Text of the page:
Why I Chose Oral Contraceptives
For the first couple of years that I was sexually active, I relied on male condoms. But even though my partner and I were both super strict about using them correctly, the typical-use failure rate of 18% made me nervous. I needed something more reliable, and since I was part of a committed & monogamous relationship, I started researching hormonal methods. Of course, these presented me with a whole new set of concerns. Some females in my family have experienced very negative reactions to ‘The Pill,’ like fainting. The idea of a lower libido or an expanding waistline weren’t very appealing either. But what worried me the most was the risk for depression.
Despite my concerns, I reasoned that oral contraceptives would be a relatively cheap way to experiment with hormonal methods. And if the side effects turned out to be unbearable, stopping the hormones would be quick and easy when compared to more invasive methods (implants or IUDs). After discussing my options with a nurse practitioner at my local Planned Parenthood, I started Trivora.
Trivora is a combined hormonal contraceptive, meaning that it includes both estrogen and progestin. For practical purposes, this means that it has a slightly larger window for error when compared with progestin-only pills. It’s also triphasic, meaning that there are 3 different doses of hormones in each 1-month pack of pills. My nurse practitioner suggested Trivora partly as a way to test my body’s reaction to different levels of hormones. It was also on the cheaper side of the spectrum, costing about $20/pack.
My Initial Response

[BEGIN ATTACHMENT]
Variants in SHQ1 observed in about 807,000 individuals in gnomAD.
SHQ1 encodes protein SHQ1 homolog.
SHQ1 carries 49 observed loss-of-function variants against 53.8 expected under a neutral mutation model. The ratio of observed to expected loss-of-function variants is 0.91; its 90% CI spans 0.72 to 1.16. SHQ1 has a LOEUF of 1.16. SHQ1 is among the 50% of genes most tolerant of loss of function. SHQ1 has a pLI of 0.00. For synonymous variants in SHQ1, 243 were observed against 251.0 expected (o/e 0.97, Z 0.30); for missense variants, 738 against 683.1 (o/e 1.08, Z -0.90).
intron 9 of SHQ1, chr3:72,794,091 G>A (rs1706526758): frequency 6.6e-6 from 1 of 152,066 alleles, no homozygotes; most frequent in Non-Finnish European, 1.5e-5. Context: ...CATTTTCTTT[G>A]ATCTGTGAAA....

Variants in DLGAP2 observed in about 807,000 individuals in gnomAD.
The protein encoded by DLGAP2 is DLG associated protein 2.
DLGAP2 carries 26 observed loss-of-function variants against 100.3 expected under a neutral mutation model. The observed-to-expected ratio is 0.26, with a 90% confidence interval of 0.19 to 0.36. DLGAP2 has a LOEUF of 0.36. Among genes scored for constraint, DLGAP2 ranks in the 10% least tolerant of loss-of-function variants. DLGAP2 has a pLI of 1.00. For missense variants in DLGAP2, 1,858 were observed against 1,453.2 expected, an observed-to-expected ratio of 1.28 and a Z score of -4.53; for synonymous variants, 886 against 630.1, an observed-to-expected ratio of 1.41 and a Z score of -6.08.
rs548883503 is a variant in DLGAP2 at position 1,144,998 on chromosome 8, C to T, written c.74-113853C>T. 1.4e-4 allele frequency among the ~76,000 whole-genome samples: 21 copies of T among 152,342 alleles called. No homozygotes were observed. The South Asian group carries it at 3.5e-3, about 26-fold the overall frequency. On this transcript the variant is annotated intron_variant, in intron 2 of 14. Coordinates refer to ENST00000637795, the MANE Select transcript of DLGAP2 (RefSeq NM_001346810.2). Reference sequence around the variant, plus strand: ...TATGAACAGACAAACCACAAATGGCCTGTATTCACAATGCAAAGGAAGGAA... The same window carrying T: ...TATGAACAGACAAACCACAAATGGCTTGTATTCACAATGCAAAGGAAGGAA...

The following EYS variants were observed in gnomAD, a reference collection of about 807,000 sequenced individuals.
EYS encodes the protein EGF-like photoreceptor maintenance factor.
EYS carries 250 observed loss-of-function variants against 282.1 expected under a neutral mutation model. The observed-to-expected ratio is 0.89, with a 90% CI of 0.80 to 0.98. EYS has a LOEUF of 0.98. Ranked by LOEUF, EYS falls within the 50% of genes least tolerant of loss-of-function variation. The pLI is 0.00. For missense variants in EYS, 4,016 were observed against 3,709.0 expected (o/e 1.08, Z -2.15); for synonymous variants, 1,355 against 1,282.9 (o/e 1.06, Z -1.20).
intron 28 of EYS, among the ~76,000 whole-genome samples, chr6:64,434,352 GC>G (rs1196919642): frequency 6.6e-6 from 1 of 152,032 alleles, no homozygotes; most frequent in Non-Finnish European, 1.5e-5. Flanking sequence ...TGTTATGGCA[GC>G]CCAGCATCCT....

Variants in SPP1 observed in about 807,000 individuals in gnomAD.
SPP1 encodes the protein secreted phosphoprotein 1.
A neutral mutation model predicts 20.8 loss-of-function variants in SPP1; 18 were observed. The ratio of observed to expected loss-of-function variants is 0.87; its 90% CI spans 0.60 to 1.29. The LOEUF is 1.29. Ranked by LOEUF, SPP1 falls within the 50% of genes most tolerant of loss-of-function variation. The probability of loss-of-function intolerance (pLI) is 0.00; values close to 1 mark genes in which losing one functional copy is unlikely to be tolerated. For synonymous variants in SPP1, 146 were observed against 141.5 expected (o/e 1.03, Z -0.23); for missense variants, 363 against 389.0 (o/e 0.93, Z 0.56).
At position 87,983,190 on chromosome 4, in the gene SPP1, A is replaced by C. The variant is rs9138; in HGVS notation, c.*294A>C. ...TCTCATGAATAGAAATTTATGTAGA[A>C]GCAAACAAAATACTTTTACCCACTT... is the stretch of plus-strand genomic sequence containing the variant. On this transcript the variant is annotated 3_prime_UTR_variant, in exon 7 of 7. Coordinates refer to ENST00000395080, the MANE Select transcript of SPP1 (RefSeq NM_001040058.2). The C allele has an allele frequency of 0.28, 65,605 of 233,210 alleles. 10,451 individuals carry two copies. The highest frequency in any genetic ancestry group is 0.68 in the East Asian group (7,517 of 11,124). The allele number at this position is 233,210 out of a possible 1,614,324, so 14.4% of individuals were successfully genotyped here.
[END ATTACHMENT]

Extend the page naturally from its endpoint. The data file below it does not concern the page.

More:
Just as I feared, the first month or so on Trivora was emotional hell. I was crying almost daily. I became consumed by obsessive & negative thoughts, to the point that I no longer felt in control of my own mind. My life goals floated away along with my motivation and desire for everything that usually made me happy. My history with depression had returned full-force. Needless to say, sex was the last thing on my mind. I was simply trying to function well enough to survive. And my partner was becoming very, very concerned.
I knew that it could take up to 3 months for my body to adjust to the new medication, so I (somewhat dangerously) forced my way through the symptoms I was experiencing. Thankfully, somewhere in the second month, everything calmed down. I gradually started to feel a desire for life again, and I returned to a state of emotional stability. Now, after almost a year, my partner even swears that my PMS mood swings (pre-Trivora) have disappeared.
My Positive Experiences
Most importantly, I’m not pregnant. Granted, this has a lot to do with my strict adherence to taking ‘The Pill’ at the exact same time, every single day. But still, Trivora has done its #1 job. I also have a much more regular menstrual cycle, with lighter menses. (My periods were very heavy and painful before.) I haven’t gained excessive amounts of weight. I haven’t suffered from headaches or fainting spells. Physically, I feel pretty much the same as always.
Why I’m Still Looking for Another Method
While Trivora was a good starting point for testing the waters of hormonal birth control, I can’t help but feel that it’s not the perfect match for me. For one, I am experiencing a few annoyances like increased breast tenderness and possibly a decrease in sexual desire. (It’s hard to determine what is due to hormones and what is due to other factors, like stress or relationship familiarity.) Also, the cost, though conveniently spread out over time, is still more expensive than other more effective methods.
For this reason, I’m currently researching Mirena and Skyla IUDs. Both of these are top-tier methods that have lower levels of progestin (and completely lack estrogen). Of course, they also have their own risks. Starting a new method is always a little scary. What works perfectly for one woman may be disastrous for another. But until I find I solution that I’m truly satisfied with, I’ll keep trying. And I’ll also keep reporting my experiences for other women who are searching.
What are your experiences with oral contraceptives?
Update: I have since switched to Enpresse and, although it is simply a different generic form of Trivora, my breast tenderness has almost entirely disappeared. My emotional state also seems even more stable. At this time, I am content with my method of contraception and have changed my mind about getting an IUD.